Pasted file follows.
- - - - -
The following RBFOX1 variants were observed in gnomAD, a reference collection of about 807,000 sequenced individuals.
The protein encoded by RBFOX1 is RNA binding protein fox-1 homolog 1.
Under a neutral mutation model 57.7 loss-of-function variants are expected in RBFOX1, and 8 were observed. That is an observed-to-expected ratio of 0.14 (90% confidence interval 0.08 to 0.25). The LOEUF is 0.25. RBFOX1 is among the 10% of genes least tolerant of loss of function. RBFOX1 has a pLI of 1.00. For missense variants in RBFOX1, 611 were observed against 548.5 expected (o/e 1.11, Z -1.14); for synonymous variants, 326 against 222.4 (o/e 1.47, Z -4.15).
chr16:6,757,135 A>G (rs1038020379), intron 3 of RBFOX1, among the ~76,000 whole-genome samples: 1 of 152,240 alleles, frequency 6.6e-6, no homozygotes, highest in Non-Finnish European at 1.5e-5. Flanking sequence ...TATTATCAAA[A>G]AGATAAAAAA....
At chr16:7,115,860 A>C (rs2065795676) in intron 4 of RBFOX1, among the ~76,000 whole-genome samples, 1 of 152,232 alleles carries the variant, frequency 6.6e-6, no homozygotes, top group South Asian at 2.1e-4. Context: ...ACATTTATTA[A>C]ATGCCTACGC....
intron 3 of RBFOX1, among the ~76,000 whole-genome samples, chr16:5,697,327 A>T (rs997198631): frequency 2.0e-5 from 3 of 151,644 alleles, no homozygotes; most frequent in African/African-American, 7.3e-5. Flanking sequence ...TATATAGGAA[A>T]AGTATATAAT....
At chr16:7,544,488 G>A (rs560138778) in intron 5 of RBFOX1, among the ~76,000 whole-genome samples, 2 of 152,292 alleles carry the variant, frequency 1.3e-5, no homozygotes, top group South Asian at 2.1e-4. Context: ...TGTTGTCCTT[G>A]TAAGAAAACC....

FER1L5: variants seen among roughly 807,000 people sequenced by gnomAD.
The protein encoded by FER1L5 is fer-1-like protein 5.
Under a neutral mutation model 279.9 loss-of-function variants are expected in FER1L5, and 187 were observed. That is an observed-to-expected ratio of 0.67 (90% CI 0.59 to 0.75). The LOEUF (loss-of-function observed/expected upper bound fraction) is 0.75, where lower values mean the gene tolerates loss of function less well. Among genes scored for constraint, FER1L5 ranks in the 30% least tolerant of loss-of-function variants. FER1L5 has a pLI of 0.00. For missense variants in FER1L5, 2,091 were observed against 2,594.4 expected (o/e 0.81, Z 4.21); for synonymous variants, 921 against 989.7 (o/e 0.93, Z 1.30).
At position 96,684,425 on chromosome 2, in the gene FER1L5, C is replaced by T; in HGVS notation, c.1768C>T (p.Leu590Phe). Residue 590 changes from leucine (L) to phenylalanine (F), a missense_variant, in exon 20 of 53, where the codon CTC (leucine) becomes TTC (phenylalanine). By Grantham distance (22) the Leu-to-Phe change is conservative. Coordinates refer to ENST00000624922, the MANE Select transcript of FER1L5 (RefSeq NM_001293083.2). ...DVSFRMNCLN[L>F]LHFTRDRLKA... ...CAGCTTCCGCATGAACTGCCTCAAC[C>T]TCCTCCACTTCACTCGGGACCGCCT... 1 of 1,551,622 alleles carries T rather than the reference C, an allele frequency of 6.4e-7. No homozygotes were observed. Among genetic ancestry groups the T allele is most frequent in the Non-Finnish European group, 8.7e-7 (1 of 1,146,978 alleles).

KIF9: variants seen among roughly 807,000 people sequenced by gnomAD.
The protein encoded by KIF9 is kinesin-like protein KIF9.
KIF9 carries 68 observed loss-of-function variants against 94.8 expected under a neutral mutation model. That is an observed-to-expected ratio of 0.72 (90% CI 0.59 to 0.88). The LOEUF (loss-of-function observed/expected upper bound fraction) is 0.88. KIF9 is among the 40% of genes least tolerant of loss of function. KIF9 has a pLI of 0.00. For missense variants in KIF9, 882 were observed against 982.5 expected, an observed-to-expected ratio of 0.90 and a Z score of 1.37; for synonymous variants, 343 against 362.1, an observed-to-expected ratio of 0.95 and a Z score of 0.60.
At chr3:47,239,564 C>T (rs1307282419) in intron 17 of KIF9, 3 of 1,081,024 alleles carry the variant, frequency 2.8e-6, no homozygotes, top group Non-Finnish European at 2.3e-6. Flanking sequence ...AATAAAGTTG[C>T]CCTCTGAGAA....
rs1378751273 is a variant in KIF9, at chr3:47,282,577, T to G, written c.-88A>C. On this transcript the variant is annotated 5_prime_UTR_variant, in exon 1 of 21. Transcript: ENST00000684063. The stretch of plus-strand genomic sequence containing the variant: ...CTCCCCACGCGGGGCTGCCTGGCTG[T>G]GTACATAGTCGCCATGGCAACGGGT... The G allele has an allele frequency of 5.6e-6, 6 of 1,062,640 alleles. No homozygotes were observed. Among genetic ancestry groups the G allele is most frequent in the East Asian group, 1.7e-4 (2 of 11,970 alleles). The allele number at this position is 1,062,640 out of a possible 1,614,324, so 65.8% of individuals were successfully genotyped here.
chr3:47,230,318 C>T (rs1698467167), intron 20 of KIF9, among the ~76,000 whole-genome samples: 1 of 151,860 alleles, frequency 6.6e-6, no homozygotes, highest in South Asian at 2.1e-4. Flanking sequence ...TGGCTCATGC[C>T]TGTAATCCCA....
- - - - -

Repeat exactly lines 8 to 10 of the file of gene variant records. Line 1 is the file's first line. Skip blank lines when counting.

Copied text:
FER1L5: variants seen among roughly 807,000 people sequenced by gnomAD.
The protein encoded by FER1L5 is fer-1-like protein 5.
Under a neutral mutation model 279.9 loss-of-function variants are expected in FER1L5, and 187 were observed. That is an observed-to-expected ratio of 0.67 (90% CI 0.59 to 0.75). The LOEUF (loss-of-function observed/expected upper bound fraction) is 0.75, where lower values mean the gene tolerates loss of function less well. Among genes scored for constraint, FER1L5 ranks in the 30% least tolerant of loss-of-function variants. FER1L5 has a pLI of 0.00. For missense variants in FER1L5, 2,091 were observed against 2,594.4 expected (o/e 0.81, Z 4.21); for synonymous variants, 921 against 989.7 (o/e 0.93, Z 1.30).